Thursday, 10 March 2011

Transmission of the art

Having travelled the martial arts path for a while, I have been in a number of different teaching situations as a student. Leaving aside family training and also my military experiences, my first formal martial art training came in a regular thai boxing class. Twenty of us lined up on a Tuesday for the beginners class and were introduced to the art of using eight limbs. We did not know it then but the instructor, who was a Thai national, used the first two hour class to weed out people who were not committed. We started each class with up to forty five minutes of body weight exercises, shadow boxing and then we started to hit pads. The next class was the following Thursday and five of the original twenty turned up.

The instructor related to me latter that he just did not have time to waste on people who lacked spirit and was looking to cut out the undesirables as soon as possible, much in the same way as Special Forces selection works. Whittled down to five people, the class now had four coaches to five fighters and each coach specialised in their sections. In my case it was felt that my knees had the potential to be something special and I worked a lot on the pads and big banana bag with a coach who had used knees a lot when he fought, learning how to set up my knees.

The coaches had taken part in lots of fights and did not spare any of the trainees’ blushes. Do again, do again would ring out across the training area and there were often points when each of us left the training area to throw up in the toilet. The head instructor was very much of the attitude that you had to fight to call yourself a boxer and if you did not turn up for training it was your problem as he was results orientated.

During the course of the class the head instructor would walk around chatting to the coaches about you in thai and then your drills would be modified or you would be given the special joy of doing three rounds on the thai pads with the head instructor a he refined your technique or timing.

That was my martial arts life four times a week for the first couple of years with the only variation being when we students met up in our own time to do pad work, spar or go running.

The next class I attended was not local to me and I had to travel up to London to attend, which meant a two hour journey each way. This was more of a commercial class and the class was unofficially split into two groups, one being the general students who were there to socialise and have fun and the other being those who were there to scrape. The instructor was happy for the student to be of either type. The class often numbered over twenty and that meant there was little time for one to one instruction. One thing I noticed about this class was the instructor actually seemed to care if you turned up and would ring if you had missed a couple of classes to check all was well.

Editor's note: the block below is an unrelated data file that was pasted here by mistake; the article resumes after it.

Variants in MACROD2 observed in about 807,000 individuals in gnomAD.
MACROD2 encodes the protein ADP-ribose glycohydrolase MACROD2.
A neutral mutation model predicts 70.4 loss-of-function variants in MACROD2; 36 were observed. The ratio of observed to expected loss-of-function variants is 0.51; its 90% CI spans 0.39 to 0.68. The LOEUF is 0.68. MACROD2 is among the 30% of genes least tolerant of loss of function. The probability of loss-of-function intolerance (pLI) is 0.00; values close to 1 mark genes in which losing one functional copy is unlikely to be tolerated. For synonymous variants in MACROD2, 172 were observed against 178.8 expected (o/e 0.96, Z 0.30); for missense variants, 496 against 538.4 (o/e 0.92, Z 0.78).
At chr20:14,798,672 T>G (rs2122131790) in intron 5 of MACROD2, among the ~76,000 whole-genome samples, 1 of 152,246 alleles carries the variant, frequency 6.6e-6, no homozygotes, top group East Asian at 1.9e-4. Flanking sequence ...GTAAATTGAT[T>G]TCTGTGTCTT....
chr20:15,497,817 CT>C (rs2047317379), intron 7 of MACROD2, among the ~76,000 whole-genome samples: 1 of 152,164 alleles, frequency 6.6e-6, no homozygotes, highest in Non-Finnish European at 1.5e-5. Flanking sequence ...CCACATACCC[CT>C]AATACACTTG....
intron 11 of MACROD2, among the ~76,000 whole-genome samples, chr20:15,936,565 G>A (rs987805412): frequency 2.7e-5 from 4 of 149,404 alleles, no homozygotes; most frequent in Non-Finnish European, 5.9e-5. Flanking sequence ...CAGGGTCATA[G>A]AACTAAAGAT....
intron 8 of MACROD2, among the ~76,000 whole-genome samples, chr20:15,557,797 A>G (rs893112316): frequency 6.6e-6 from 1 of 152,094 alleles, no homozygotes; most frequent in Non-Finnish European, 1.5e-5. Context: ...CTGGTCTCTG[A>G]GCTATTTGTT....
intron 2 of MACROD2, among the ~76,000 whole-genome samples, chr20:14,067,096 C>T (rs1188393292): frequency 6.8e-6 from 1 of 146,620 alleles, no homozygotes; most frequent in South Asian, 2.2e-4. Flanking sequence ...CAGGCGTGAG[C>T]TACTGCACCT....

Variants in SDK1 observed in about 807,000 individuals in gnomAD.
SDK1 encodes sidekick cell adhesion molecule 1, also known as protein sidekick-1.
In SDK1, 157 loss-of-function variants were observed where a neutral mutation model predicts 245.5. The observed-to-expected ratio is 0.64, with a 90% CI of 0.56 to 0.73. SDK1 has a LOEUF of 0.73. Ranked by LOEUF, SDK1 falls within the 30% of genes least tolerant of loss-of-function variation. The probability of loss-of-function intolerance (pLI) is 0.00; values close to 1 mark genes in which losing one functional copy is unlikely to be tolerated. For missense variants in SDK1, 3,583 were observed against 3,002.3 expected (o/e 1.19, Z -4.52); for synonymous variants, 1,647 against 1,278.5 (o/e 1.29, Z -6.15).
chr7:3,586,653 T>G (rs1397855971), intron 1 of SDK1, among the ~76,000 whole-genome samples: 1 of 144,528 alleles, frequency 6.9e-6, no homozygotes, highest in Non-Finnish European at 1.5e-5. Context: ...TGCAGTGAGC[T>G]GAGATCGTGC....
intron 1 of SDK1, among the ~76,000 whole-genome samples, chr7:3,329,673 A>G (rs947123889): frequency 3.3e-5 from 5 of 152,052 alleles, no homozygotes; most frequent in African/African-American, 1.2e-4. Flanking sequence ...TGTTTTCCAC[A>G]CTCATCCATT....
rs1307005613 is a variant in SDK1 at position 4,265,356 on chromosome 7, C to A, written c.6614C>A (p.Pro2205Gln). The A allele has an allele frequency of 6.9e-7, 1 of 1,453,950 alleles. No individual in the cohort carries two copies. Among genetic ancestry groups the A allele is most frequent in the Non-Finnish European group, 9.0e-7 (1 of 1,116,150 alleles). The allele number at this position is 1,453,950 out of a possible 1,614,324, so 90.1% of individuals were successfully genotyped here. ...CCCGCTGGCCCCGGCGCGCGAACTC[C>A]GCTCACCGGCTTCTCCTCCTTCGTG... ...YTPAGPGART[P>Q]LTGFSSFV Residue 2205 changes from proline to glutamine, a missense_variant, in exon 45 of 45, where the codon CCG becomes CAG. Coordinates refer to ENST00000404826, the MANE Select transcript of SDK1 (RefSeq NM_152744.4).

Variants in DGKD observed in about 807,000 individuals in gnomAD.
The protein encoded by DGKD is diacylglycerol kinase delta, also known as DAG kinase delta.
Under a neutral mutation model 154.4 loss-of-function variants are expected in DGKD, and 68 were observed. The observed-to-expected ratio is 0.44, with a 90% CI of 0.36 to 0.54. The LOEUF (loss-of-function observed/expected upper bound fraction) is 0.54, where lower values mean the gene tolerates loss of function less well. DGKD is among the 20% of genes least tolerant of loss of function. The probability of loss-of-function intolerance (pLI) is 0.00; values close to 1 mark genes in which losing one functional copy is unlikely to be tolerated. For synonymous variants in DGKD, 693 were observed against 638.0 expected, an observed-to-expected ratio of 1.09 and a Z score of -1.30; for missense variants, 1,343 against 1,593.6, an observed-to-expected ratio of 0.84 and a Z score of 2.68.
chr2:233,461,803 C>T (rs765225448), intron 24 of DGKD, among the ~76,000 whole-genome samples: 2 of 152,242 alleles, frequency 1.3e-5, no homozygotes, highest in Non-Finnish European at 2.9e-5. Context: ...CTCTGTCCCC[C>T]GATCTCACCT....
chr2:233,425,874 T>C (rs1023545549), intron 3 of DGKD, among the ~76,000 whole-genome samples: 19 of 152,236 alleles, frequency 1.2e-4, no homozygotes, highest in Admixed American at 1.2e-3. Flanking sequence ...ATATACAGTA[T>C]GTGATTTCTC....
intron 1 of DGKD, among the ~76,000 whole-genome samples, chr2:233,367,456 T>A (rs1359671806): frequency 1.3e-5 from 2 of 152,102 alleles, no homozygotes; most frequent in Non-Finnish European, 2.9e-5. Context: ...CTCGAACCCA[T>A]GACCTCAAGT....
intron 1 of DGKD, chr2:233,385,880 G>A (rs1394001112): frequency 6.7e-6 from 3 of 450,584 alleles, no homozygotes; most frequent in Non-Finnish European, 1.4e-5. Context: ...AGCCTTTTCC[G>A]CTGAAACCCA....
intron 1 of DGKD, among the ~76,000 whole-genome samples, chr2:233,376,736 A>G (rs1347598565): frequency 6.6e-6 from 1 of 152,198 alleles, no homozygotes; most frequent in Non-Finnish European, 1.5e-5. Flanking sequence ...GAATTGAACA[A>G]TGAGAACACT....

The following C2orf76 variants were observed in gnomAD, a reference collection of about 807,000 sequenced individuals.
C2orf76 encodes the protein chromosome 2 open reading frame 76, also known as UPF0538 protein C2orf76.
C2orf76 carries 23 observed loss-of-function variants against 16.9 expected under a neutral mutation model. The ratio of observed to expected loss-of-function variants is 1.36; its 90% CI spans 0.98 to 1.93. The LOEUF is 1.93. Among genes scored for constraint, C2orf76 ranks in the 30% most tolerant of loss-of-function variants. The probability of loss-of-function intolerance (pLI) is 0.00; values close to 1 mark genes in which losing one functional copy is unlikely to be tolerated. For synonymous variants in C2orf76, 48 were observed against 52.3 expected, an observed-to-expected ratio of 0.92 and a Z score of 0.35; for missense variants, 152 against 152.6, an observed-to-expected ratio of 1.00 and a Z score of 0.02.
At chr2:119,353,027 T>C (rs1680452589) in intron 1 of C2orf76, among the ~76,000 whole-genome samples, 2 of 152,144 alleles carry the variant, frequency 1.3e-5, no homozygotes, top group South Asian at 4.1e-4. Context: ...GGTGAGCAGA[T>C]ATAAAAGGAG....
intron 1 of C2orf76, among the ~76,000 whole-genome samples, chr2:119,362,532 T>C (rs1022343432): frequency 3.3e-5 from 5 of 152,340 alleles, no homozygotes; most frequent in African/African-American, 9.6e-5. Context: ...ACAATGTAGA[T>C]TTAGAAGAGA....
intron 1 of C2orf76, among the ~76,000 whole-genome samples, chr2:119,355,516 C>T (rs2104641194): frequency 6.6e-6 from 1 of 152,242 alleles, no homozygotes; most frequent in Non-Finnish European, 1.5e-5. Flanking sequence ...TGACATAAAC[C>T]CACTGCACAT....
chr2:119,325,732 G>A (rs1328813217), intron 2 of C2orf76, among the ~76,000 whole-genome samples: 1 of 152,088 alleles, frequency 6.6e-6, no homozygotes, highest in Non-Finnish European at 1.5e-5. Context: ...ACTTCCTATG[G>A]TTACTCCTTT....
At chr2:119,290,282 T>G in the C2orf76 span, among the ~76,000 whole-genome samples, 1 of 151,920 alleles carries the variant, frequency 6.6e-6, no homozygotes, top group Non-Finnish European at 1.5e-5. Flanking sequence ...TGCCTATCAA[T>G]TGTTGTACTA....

About this time I became aware of something called a private. The private was a one to one class, outside of the main class with the head instructor where he would coach you and take a personal interest in your progress. This cost as much as a full months of regular classes but I learnt more in the first private class, than in six months of the normal mixed class. Being a critical thinker I realised early on that a lot of what I was learning in the big general class was actually better transmitted on a one to one basis with someone who already had the skill. The teacher already having the skill and timing down is a key point in helping the student progress.

The other key point was the depth of the knowledge, in the main class we often just skimmed the surface but in the private class the teacher would go into depth. I think it would be fair to say that those of us taking regular private lessons had a far greater depth of knowledge that we could utilise than those in the regular class.

I was very aware of the above when my informal training group voted for me to lead the instruction in boxing, kickboxing and stick fighting and structured our classes accordingly. I always tried to give each students progress my attention and this worked well for a small group of ten students. In 1987 our camp won all of the fights it entered which if my memory serves me right was over twenty Muay Thai fights. We were turning over some of the full time thai camps.

Later our informal group became a regular class, taught part time by me and our ranks swelled to over twenty students per class, however it’s fair to say that the skill level dropped. Eventually things sorted themselves out number wise and I reach an ideal class of around ten, which I taught on a part time basis until I retired from teaching in 2005. During that time I always looked at other arts and took a mixture of privates and regular classes.

My advice to beginners is; know why you are training and try to get a mixture of one to one training and regular classes with an instructor who has his or her art down. Be a critical thinker and enjoy each moment, because you never know when the class you are in, is your last ever training experience.

The above was the standard for traditional training which was normally transmitted on a one to one basis. First weed out the undesirables (you must have spirit, when you get knocked down, get back up and when you are hit and hurt, hit back).

Then the instructor should transmit the learning experiences in a planned controlled way, which is results driven, taking in to account the short and long term goals. Then the student should be given the chance to assist in the instruction of others. I have found that by coaching others, my own martial arts knowledge has really grown.

On final point: Just because that’s the traditional method of transmitting the art, there’s no reason it could not applied to the contemporary arts such as MMA or even combatives.